Purpose of ReviewEmotion regulation is a key contributor to social functioning and mental health; yet, its influence on sexual well-being has only recently gained research attention. To elucidate correlates of women’s sexual satisfaction, desire, frequency, function, and distress and guide future study, the present review evaluates research at the intersection of emotion regulation and sexual well-being.Recent FindingsThere are clear associations between mood and sexual well-being, with the interference of negative emotion on sexual outcomes stronger for women relative to men. Although there is evidence that women’s poorer emotion regulation abilities are related to poorer sexual well-being, associations between specific emotion regulation strategies and sexual outcomes are less established, possibly due to the abundance of regulatory strategies and dearth of research on emotion regulation in sexual contexts. Still, our review suggests that women’s greater sexual well-being is positively associated with strategies characterized by adaptive engagement (e.g., problem solving, acceptance, reappraisal) and negatively associated with strategies characterized by disengagement (e.g., avoidance, suppression, distraction) and aversive cognitive perseveration (e.g., worry, rumination).SummaryExtant research is consistent with models of women’s sexual response and offers preliminary support for the emotion regulation–sexual well-being link. While the explanatory power of the current literature is limited by a lack of dyadic and longitudinal studies, interventions targeting emotion regulation hold promise for improving women’s and couples’ sexual well-being.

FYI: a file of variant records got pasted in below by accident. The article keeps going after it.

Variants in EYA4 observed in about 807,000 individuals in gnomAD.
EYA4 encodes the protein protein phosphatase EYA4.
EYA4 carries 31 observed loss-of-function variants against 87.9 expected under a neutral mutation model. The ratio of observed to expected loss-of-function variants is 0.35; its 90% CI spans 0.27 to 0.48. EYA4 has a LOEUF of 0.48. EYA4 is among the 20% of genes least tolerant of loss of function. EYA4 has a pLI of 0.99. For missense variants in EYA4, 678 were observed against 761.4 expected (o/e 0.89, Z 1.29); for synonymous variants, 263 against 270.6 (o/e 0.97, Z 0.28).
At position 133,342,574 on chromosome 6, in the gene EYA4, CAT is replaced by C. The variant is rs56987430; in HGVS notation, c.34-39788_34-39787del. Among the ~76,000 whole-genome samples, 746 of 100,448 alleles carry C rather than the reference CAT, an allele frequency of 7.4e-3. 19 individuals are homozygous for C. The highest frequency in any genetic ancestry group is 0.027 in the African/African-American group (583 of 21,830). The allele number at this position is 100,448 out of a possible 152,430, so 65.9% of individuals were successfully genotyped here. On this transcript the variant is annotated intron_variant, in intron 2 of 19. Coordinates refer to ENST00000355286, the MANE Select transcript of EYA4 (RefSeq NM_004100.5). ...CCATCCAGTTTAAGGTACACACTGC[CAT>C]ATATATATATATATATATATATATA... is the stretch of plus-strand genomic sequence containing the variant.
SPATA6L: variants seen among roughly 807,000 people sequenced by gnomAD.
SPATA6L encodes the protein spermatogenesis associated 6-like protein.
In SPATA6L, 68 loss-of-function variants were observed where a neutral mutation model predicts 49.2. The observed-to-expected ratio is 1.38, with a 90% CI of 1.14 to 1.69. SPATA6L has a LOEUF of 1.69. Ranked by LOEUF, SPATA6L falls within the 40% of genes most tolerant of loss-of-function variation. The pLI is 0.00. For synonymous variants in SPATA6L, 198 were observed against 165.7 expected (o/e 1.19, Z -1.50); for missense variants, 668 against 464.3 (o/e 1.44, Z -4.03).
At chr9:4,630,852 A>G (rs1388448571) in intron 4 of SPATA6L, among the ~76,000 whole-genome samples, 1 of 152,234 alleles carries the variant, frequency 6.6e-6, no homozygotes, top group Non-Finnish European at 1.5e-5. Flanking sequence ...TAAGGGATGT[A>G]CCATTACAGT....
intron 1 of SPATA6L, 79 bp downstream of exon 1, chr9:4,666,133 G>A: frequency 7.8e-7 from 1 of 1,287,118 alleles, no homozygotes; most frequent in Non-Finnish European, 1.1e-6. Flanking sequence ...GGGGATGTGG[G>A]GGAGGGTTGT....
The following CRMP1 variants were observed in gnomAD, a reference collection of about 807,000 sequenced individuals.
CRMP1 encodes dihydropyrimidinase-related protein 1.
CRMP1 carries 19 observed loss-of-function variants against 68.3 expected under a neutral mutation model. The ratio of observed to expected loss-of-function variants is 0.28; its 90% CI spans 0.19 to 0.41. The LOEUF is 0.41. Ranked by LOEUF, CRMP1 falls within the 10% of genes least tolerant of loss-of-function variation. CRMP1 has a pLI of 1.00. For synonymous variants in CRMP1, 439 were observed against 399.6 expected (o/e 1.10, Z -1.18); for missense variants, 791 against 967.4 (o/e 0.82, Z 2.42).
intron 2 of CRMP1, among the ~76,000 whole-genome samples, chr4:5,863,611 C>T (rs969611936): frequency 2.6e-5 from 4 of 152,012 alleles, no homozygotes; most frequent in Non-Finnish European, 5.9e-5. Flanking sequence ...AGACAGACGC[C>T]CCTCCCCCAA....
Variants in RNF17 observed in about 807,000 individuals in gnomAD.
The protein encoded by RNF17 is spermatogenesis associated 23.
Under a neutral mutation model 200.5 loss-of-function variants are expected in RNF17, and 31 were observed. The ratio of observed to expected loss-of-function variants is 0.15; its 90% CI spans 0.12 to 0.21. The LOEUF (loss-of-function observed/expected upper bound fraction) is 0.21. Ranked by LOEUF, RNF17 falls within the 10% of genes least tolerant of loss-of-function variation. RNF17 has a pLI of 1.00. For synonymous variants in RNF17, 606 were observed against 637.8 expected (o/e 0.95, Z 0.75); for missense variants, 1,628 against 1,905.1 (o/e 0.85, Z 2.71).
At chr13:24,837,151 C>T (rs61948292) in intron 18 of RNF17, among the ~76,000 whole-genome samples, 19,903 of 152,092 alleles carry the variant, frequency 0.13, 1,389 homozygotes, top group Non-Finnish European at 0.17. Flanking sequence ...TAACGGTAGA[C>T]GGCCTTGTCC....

Current Sexual Health Reports – Springer Journals
Published: Sep 18, 2020